My New Year’s resolutions include the usual suspects. This will be the fifth year in a row that I probably won’t be reading “War and Peace” and about the 20th that I won’t be flossing daily.
But not a month into the new year, I’ve already tackled my vow to get rid of stuff that I no longer need. I’ve finally gotten brutal about my books, taking boxes of them to my local library. (The problem with this is I buy more books at their weekly sales.)
As I was sorting through my old books, I discovered one I didn’t know I had. It’s an old diary-sized, yellow-paged book that my parents owned, so I sat down and read it. “Death Be Not Proud” by John Gunther is a loving memoir about his son’s struggle with brain cancer in the late 1940s. If the treatment then was primitive and even brutal, the teenage boy’s response to his fatal disease was heroic, and humbling. That one’s staying in my bookshelf.
I am also paring down my Facebook account. By most counts, I haven’t collected many “friends,” only 224. By my count, that’s at least 24 too many; my goal is to get down to 200, a nice round figure.
Some questions I cannot figure out: Why would you friend someone you don’t know? Or someone you know, but don’t like? Someone who you once sort of knew, but no longer do? Why do perfect strangers want to friend me, giving the lie to the word “friend”? (Who in the heck are you, Andrew B??)
My friending policy is simple. I have to know you. I have to like you. I have to want to hear from or about you. No bosses allowed.
This also goes for Linked In, which I joined a couple of years ago, never used, deactivated, or so I thought — and yet I still get “invitations” from people to connect via Linked In.
The bottom line: Are people that desperate for companionship that they want to friend someone they don’t know? Do they really want to see my vacation photos or the occasional update that I post?
I don’t post much, because there’s not that much in my life that others would find particularly interesting, or funny — even if I do.
For me, Facebook is about staying in touch with people I care about. I enjoy seeing their kids’ and grandkids’ photos, getting their comments on everything from the Patriots’ recent loss to what movies they’ve seen, learning about their trip or job.
But my kids see it differently, as a more casual connection. Hence, my son, who recently turned 21, has 1,000-plus friends. He has apparently friended everyone on God’s green earth — except his mother. Even his older sister finally broke down and friended me (she only has 724 friends).
“What don’t you want me to see?” I ask my son.
“Mom, it isn’t what I’m doing. It’s what some of my goofy friends are doing.” The boy is obviously headed for a political career.
Recently, I got an e-mail from some firm marketing social media spyware. “Three people have unfriended you,” it said. “Find out who they are.”
No, thanks. Who cares? I wish more would unfriend me. And if I did know who they were, I’d simply thank them. Here’s the deal: If you don’t try to friend me, I won’t try to friend you. OK?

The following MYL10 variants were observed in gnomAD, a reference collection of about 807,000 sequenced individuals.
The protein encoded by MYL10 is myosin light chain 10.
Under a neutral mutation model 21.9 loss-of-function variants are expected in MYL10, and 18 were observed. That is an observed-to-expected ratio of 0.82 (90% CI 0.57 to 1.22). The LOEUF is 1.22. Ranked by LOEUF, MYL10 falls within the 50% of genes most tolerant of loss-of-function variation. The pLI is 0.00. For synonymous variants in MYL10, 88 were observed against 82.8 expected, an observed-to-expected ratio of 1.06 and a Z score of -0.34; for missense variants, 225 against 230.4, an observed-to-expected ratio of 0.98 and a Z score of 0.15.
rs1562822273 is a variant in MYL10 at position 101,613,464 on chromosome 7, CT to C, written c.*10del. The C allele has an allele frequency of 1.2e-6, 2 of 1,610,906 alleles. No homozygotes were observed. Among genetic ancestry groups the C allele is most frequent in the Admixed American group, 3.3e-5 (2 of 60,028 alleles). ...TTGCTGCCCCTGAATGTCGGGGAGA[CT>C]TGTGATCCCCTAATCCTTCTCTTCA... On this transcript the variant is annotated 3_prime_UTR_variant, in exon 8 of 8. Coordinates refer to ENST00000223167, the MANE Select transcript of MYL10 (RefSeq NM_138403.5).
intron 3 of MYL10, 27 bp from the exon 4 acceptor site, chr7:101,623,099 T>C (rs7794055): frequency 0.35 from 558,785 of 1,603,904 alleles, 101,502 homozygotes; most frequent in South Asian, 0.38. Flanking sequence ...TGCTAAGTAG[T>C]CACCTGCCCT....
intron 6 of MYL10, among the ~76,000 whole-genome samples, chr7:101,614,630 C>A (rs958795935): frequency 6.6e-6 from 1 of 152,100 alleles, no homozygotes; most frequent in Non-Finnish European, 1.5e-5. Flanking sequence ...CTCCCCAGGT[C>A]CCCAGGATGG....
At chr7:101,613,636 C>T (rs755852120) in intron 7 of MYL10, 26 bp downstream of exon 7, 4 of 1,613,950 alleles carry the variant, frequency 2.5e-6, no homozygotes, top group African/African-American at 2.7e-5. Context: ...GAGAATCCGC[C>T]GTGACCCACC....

Of course, we all know the downside of social media, like meeting creeps online, or old boyfriends or girlfriends, which can lead to heartache and divorce — or marriage. A friend recently married her high school beau, with whom she reconnected on Facebook.
But pity the poor guy who thought he was involved with Miss Teen USA on Facebook for two years, only to discover that she was neither a teen nor a beauty.
My friend Ellen, who lives in Braintree, is also trying to unload some Facebook friends. “I don’t care about their exercise regimen, what they ate today, when they’re going to the store, every thought that comes into their head,” she says. “During the Inauguration, people were posting about Beyonce’s earrings. Who cares? Shut up and watch the speech.”
There are also those who post the most intimate stuff: Ellen’s friend who hates being a mom; the friend who posts about her various breakups; the friend who is desperate for a man, a job, to get her kid into the right school; desperate to still be considered sexy.
“Most of the stuff I see is negative,” says Ellen. She’s also learned that “people aren’t as funny as they think they are, and they certainly aren’t as interesting as they think they are. I’m trying desperately not to fall into either category.”
Ellen is a funny person, and when she recently was down with the flu for a week, she returned to Facebook to see that her “fan base” was asking her to please post. Which creates pressure, even performance anxiety.
Facebook also reveals things about your friends that you wish you didn’t know (see “sexy,” above). For me, it’s finding out that your friend doesn’t believe in universal health care. I wish I didn’t know that about him.
Ellen has had the same issue. From Facebook, she learned that a friend was much more conservative than she thought, and voted for Mitt Romney. “Now I don’t like her as much,” she says.
What’s also annoying is that whenever I comment on a post, I receive all the other comments on that post. Thus, my e-mail was recently jammed with 21 responses to my friend’s post — all from people I do not know. Lesson learned: Do not comment. Just give a “like.”
Maybe some of my Facebook friends will see this column and decide to unload me before I unload them. It won’t hurt my feelings, I promise. And just because I don’t friend you doesn’t mean I don’t like you.
Even Aristotle is on my side. As he once said: “A friend to all is a friend to none.”